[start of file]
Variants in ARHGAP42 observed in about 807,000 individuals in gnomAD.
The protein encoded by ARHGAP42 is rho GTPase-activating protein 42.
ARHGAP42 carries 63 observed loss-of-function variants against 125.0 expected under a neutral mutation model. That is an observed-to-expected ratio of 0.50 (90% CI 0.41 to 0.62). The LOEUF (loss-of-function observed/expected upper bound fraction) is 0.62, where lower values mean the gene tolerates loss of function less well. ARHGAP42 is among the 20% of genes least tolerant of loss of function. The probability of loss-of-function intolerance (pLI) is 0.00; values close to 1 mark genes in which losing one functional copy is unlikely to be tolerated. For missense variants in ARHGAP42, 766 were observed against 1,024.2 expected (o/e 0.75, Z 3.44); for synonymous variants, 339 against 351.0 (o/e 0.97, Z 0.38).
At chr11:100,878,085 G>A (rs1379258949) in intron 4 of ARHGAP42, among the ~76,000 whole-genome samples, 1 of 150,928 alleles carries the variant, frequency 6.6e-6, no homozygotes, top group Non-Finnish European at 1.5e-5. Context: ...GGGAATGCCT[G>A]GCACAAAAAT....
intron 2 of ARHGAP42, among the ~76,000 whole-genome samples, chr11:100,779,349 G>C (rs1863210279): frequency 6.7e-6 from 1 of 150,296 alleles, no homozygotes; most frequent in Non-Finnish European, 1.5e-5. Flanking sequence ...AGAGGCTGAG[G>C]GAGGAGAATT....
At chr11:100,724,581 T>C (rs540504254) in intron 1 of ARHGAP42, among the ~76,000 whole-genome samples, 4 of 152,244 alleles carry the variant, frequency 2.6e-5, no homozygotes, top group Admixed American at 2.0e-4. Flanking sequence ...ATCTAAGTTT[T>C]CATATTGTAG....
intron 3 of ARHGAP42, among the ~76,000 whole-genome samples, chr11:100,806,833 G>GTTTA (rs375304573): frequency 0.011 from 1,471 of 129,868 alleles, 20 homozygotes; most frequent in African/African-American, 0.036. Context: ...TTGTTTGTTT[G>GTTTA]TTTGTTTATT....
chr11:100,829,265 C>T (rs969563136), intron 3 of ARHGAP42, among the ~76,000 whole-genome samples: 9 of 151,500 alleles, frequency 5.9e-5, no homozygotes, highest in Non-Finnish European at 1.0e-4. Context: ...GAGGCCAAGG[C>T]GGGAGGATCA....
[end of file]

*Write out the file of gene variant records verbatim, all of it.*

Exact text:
Variants in ARHGAP42 observed in about 807,000 individuals in gnomAD.
The protein encoded by ARHGAP42 is rho GTPase-activating protein 42.
ARHGAP42 carries 63 observed loss-of-function variants against 125.0 expected under a neutral mutation model. That is an observed-to-expected ratio of 0.50 (90% CI 0.41 to 0.62). The LOEUF (loss-of-function observed/expected upper bound fraction) is 0.62, where lower values mean the gene tolerates loss of function less well. ARHGAP42 is among the 20% of genes least tolerant of loss of function. The probability of loss-of-function intolerance (pLI) is 0.00; values close to 1 mark genes in which losing one functional copy is unlikely to be tolerated. For missense variants in ARHGAP42, 766 were observed against 1,024.2 expected (o/e 0.75, Z 3.44); for synonymous variants, 339 against 351.0 (o/e 0.97, Z 0.38).
At chr11:100,878,085 G>A (rs1379258949) in intron 4 of ARHGAP42, among the ~76,000 whole-genome samples, 1 of 150,928 alleles carries the variant, frequency 6.6e-6, no homozygotes, top group Non-Finnish European at 1.5e-5. Context: ...GGGAATGCCT[G>A]GCACAAAAAT....
intron 2 of ARHGAP42, among the ~76,000 whole-genome samples, chr11:100,779,349 G>C (rs1863210279): frequency 6.7e-6 from 1 of 150,296 alleles, no homozygotes; most frequent in Non-Finnish European, 1.5e-5. Flanking sequence ...AGAGGCTGAG[G>C]GAGGAGAATT....
At chr11:100,724,581 T>C (rs540504254) in intron 1 of ARHGAP42, among the ~76,000 whole-genome samples, 4 of 152,244 alleles carry the variant, frequency 2.6e-5, no homozygotes, top group Admixed American at 2.0e-4. Flanking sequence ...ATCTAAGTTT[T>C]CATATTGTAG....
intron 3 of ARHGAP42, among the ~76,000 whole-genome samples, chr11:100,806,833 G>GTTTA (rs375304573): frequency 0.011 from 1,471 of 129,868 alleles, 20 homozygotes; most frequent in African/African-American, 0.036. Context: ...TTGTTTGTTT[G>GTTTA]TTTGTTTATT....
chr11:100,829,265 C>T (rs969563136), intron 3 of ARHGAP42, among the ~76,000 whole-genome samples: 9 of 151,500 alleles, frequency 5.9e-5, no homozygotes, highest in Non-Finnish European at 1.0e-4. Context: ...GAGGCCAAGG[C>T]GGGAGGATCA....